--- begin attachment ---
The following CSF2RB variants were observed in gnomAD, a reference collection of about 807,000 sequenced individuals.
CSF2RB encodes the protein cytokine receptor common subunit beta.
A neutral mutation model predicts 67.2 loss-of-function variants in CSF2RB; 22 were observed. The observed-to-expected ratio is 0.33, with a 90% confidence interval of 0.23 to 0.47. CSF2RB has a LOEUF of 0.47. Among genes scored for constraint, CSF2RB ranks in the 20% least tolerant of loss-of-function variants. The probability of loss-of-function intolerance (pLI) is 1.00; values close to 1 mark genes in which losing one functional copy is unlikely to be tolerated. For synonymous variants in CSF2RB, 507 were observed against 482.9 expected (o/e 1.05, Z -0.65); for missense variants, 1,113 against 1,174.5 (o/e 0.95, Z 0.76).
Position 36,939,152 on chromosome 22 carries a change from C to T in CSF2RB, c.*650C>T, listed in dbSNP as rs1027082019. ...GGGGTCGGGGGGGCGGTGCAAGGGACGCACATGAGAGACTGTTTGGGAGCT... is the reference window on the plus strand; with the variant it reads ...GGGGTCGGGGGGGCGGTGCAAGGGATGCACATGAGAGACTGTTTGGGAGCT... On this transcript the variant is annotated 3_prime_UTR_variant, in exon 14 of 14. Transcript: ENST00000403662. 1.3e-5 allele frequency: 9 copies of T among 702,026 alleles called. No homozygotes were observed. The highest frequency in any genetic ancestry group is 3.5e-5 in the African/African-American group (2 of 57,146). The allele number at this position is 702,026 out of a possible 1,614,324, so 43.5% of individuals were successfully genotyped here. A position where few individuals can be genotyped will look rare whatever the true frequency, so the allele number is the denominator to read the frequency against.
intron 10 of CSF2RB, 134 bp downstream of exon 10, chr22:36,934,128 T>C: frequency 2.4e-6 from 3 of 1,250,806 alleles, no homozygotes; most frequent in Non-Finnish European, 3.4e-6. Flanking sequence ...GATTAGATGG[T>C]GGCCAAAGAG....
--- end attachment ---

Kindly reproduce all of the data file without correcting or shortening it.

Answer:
The following CSF2RB variants were observed in gnomAD, a reference collection of about 807,000 sequenced individuals.
CSF2RB encodes the protein cytokine receptor common subunit beta.
A neutral mutation model predicts 67.2 loss-of-function variants in CSF2RB; 22 were observed. The observed-to-expected ratio is 0.33, with a 90% confidence interval of 0.23 to 0.47. CSF2RB has a LOEUF of 0.47. Among genes scored for constraint, CSF2RB ranks in the 20% least tolerant of loss-of-function variants. The probability of loss-of-function intolerance (pLI) is 1.00; values close to 1 mark genes in which losing one functional copy is unlikely to be tolerated. For synonymous variants in CSF2RB, 507 were observed against 482.9 expected (o/e 1.05, Z -0.65); for missense variants, 1,113 against 1,174.5 (o/e 0.95, Z 0.76).
Position 36,939,152 on chromosome 22 carries a change from C to T in CSF2RB, c.*650C>T, listed in dbSNP as rs1027082019. ...GGGGTCGGGGGGGCGGTGCAAGGGACGCACATGAGAGACTGTTTGGGAGCT... is the reference window on the plus strand; with the variant it reads ...GGGGTCGGGGGGGCGGTGCAAGGGATGCACATGAGAGACTGTTTGGGAGCT... On this transcript the variant is annotated 3_prime_UTR_variant, in exon 14 of 14. Transcript: ENST00000403662. 1.3e-5 allele frequency: 9 copies of T among 702,026 alleles called. No homozygotes were observed. The highest frequency in any genetic ancestry group is 3.5e-5 in the African/African-American group (2 of 57,146). The allele number at this position is 702,026 out of a possible 1,614,324, so 43.5% of individuals were successfully genotyped here. A position where few individuals can be genotyped will look rare whatever the true frequency, so the allele number is the denominator to read the frequency against.
intron 10 of CSF2RB, 134 bp downstream of exon 10, chr22:36,934,128 T>C: frequency 2.4e-6 from 3 of 1,250,806 alleles, no homozygotes; most frequent in Non-Finnish European, 3.4e-6. Flanking sequence ...GATTAGATGG[T>C]GGCCAAAGAG....